In recent congressional practice, House Ways and Means and Senate Finance Committees, the committees of jurisdiction over tariffs, have combined these duty suspension bills and other technical trade provisions into larger pieces of legislation known as miscellaneous tariff bills (MTBs). Before inclusion in an MTB, the individual legislative proposals introduced by Members are reviewed by trade subcommittee staff and several executive branch agencies to ensure that they are noncontroversial (generally, that no domestic producer objects) and relatively revenueneutral (revenue loss of no more than $500,000 per item).

Late in the 109
th Congress, the last time that MTB legislation was passed, the House passed H.R. 6406, a trade package that included suspension of duties on about 380 products until December 31, 2009. The legislation was inserted into H.R. 6111, a previously House-passed tax extension package. The Senate approved H.R. 6111, including the duty suspensions, and the bill was signed by the President on December 20, 2006 (P.L. 109-432). Tariff suspensions on about 300 other products were previously inserted into H.R. 4, The Pension Protection Act of 2006 (P.L. 109- 280).

In the 110
th Congress, congressional ethics and earmark reform legislation also targeted “limited tariff benefit[s],” defined as “a provision modifying the Harmonized Tariff Schedule of the United States in a manner that benefits 10 or fewer entities.” This legislation amended House and Senate rules to make it out of order to consider bills containing earmarks, limited tax benefits, or limited tariff benefits unless certain disclosure and reporting requirements are met by the Member proposing the legislation and the committees of jurisdiction. Even though a November 2007 House Ways and Means Trade Subcommittee advisory called for House Members to submit legislative proposals for inclusion in a proposed MTB by December 14, 2007, no omnibus bill was introduced in either House.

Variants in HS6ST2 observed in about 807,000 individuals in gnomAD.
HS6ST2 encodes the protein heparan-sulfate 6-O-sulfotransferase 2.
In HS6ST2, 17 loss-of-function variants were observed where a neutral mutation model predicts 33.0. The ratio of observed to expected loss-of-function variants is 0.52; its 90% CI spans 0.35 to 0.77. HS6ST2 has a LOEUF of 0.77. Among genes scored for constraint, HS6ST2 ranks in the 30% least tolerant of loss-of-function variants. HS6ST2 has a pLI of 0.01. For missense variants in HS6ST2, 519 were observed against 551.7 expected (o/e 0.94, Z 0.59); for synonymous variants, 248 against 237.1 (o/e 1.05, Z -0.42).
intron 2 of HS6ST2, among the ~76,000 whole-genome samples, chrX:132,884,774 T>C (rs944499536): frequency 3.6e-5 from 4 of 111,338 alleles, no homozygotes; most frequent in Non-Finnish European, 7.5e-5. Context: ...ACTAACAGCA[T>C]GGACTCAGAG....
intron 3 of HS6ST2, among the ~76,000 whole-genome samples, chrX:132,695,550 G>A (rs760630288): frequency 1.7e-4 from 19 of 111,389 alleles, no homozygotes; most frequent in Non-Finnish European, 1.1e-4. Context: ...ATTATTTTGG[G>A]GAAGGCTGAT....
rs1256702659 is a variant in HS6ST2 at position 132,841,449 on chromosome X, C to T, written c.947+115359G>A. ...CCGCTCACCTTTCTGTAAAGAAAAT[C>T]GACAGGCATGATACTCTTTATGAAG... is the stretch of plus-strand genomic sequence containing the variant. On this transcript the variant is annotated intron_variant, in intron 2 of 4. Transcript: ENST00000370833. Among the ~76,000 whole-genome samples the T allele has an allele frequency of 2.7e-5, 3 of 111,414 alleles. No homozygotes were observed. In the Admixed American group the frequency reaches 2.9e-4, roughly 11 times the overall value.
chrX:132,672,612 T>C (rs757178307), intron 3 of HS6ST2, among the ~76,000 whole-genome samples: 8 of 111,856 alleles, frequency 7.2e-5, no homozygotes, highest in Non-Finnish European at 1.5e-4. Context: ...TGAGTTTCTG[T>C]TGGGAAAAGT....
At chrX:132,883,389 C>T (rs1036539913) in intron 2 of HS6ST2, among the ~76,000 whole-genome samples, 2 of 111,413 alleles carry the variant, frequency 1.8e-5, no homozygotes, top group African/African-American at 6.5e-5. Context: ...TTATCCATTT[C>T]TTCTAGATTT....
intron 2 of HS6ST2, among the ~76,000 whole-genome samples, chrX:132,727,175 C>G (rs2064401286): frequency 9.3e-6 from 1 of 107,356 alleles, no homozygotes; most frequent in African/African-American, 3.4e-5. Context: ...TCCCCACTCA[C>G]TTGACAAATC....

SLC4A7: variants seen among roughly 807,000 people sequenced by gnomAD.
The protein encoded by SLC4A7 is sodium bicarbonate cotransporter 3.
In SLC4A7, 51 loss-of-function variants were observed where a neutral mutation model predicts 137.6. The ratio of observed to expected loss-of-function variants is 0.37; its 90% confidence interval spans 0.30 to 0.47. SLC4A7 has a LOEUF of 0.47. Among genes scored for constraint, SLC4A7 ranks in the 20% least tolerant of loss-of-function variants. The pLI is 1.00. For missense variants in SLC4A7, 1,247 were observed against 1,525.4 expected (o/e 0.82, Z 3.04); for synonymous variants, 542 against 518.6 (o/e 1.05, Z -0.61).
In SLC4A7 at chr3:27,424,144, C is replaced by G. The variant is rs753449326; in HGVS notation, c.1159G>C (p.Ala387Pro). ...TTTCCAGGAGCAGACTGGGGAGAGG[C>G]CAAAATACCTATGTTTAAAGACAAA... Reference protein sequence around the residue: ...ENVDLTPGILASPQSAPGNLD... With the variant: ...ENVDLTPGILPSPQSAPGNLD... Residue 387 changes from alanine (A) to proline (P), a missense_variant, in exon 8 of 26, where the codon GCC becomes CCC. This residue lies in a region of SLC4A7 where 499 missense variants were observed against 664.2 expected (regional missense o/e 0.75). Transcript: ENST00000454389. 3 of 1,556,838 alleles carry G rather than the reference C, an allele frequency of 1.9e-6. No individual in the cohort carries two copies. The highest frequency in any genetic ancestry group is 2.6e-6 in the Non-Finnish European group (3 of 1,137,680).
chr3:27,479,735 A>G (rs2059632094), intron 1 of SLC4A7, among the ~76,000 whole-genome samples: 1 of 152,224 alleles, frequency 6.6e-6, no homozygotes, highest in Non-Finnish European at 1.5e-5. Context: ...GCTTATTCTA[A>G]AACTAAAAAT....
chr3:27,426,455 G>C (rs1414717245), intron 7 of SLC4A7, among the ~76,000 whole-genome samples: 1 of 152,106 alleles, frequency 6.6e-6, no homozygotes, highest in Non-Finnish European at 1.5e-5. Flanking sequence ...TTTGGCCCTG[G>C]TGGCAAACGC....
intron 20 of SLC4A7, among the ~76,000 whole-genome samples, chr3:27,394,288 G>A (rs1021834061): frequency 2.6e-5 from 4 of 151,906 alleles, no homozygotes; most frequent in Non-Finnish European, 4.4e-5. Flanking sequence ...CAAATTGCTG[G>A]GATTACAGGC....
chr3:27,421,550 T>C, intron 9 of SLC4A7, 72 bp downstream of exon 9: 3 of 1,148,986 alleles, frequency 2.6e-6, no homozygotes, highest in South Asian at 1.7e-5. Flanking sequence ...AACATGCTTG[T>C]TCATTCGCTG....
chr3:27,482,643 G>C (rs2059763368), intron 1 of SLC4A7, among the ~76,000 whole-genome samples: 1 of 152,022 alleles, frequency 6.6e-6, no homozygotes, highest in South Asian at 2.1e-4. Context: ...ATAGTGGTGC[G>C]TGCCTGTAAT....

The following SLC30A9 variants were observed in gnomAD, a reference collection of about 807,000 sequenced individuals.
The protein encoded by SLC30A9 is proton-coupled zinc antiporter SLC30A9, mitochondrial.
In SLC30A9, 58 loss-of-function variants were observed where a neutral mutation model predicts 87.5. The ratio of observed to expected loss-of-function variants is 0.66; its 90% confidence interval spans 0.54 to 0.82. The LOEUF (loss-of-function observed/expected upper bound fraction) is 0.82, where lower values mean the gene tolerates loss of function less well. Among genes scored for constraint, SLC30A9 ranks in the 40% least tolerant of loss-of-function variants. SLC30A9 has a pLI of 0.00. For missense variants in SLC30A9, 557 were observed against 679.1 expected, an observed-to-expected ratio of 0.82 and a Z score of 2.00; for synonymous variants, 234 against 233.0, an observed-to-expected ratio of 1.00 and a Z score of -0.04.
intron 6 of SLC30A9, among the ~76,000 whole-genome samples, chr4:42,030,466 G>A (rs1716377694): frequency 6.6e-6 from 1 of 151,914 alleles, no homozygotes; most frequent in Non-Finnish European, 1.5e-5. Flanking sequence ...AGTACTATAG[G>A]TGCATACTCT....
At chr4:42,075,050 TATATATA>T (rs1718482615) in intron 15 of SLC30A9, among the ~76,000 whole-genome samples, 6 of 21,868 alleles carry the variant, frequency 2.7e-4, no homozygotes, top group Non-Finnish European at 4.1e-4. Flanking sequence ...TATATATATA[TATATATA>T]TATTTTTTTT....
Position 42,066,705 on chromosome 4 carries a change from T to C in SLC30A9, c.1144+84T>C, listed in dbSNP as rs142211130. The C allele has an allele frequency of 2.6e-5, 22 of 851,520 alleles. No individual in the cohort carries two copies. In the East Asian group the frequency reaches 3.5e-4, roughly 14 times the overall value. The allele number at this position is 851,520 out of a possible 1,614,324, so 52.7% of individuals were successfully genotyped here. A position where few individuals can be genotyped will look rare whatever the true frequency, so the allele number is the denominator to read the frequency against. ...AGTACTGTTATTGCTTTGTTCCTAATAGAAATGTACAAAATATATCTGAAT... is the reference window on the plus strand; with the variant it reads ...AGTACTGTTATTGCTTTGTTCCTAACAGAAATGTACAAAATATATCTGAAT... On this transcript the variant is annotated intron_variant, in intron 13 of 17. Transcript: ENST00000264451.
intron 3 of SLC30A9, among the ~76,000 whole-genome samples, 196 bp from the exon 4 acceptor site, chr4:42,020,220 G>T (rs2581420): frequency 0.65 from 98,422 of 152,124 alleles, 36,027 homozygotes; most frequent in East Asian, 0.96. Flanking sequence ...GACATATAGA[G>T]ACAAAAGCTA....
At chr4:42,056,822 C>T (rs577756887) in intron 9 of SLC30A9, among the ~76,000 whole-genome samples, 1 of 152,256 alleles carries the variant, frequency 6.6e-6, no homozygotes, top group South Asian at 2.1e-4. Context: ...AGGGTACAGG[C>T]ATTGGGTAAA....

In the 111
th Congress, H.R. 4380, the Miscellaneous Trade and Technical Corrections Act of 2009, was introduced on December 15, 2009. This bill temporarily suspends or reduces for three years duties on over 600 products, many of which renew duty suspension or reductions that were already in place. In the Senate, Senate Finance Committee Chairman Max Baucus and Ranking Member Chuck Grassley requested on October 1, 2009, that Senators introduce miscellaneous tariff measures by the end of October—after an agreement was reached regarding additional disclosure requirements for lobbyists recommending MTB provisions. On July 7, 2010, a manager’s amendment was introduced. The House passed H.R. 4380, the United States Manufacturing Enhancement Act of 2010, by a vote of 378-43 on July 21, 2010. The Senate subsequently passed the bill by unanimous consent on July 27, 2010, and it was signed by the President on August 11, 2010 (P.L. 111-227). On November 24, 2010, the discussion draft of the second MTB package was released by the Ways and Means Committee.


Date of Report: November 30, 2010
Number of Pages: 15
Order Number: RL33867
Price: $29.95